With the 2022 annual briefings having started in Monte Carlo, analysts at Goldman Sachs have highlighted a strong demand for reinsurance amid higher inflation, while capital supply is flat to down. It expects strong rate increases will continue in the January 2023 renewals, with companies taking a more cautious view.
Goldman Sachs notes that the reinsurance market will see further rate hardening in 2023, to reflect increasing risks given the uncertain economic and geopolitical environment and increasing demand for insurance protection.
The analysts believe that despite the challenging market backdrop, European reinsurers under their coverage, including Munich Re, Hannover Re and Swiss Re, have all indicated that they will take opportunities and continue to grow in the nat cat market, supported by their strong balance sheets and risk capacity.
It added, “Our Buy-rated stocks Munich Re and Hannover Re, are well positioned to grow in the hardening nat cat market and have the capital and capacity to take advantage of the hard market in property cat.”
The increasing worries on climate change protection have supported continued price increases and the demand for nat cat covers, says Goldman Sachs.
It observes that climate change protection is a material tailwind for the sector over the medium to long term, as reinsurance companies are the lenders/insurers of the last resort against weather losses.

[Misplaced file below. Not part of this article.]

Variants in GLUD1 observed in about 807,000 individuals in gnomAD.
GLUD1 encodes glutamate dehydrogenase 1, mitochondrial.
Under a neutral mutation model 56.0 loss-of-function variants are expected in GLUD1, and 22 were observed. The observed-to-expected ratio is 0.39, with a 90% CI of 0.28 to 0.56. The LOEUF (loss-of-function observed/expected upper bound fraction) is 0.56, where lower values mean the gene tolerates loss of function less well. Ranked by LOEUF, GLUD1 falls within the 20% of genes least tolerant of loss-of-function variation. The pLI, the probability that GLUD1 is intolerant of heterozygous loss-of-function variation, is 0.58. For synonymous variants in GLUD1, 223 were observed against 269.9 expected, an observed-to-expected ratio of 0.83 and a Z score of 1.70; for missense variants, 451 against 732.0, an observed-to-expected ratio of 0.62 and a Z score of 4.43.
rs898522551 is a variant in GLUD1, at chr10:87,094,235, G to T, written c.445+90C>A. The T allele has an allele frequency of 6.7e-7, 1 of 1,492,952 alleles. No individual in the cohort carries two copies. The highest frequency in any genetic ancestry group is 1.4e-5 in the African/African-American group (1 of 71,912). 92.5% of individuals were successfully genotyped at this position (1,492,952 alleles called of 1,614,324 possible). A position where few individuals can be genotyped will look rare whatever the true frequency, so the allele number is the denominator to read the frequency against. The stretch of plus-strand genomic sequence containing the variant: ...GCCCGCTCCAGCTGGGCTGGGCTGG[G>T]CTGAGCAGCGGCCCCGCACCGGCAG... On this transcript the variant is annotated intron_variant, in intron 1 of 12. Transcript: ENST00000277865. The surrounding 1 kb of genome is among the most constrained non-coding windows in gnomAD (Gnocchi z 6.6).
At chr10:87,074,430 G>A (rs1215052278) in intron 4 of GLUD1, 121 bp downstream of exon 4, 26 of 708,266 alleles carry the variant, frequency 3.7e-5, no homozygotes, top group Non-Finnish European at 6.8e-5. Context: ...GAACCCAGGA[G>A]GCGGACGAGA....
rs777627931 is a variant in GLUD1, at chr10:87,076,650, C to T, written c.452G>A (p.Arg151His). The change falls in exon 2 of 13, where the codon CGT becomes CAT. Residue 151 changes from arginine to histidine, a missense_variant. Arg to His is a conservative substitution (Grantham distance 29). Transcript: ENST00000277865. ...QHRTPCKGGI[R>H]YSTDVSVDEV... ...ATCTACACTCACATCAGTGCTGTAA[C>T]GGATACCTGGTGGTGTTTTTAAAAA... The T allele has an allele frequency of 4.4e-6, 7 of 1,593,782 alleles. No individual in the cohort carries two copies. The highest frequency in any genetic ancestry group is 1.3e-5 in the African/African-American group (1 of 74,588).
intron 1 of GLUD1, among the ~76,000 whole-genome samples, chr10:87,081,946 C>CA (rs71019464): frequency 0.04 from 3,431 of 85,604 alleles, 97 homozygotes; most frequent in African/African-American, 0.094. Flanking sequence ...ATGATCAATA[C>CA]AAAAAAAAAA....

As the risk increases, it expects both the demand for the reinsurers’ balance sheets and the price will increase.
Munich Re estimated that the global P&C reinsurance market will grow in real terms by 2-3% worldwide from 2022-24, adjusting for inflation, with the strongest growth likely to be in Latin America, at 4-5%.
While the Swiss Re Institute also forecasts that the nat cat market will grow to $48bn over the next four years from $35bn.
Goldman Sachs includes that the investment in green-energy transitions to address climate change will also give rise to demand for insurance protection as investment in new assets increase and supply chains are re-organised.
“Our Carbonomics team anticipates a cumulative $56tn investment in infrastructure through 2050 to meet the 1.5° Global Net Zero transition, which we believe will raise demand for insurance protection,” it said.
The Swiss Re Institute anticipates that, based on announced targets, the global investment in renewable energy will generate $237bn in cumulative premiums from 2022 to 2035, partially offset by a reduction in fossil fuel-led premiums.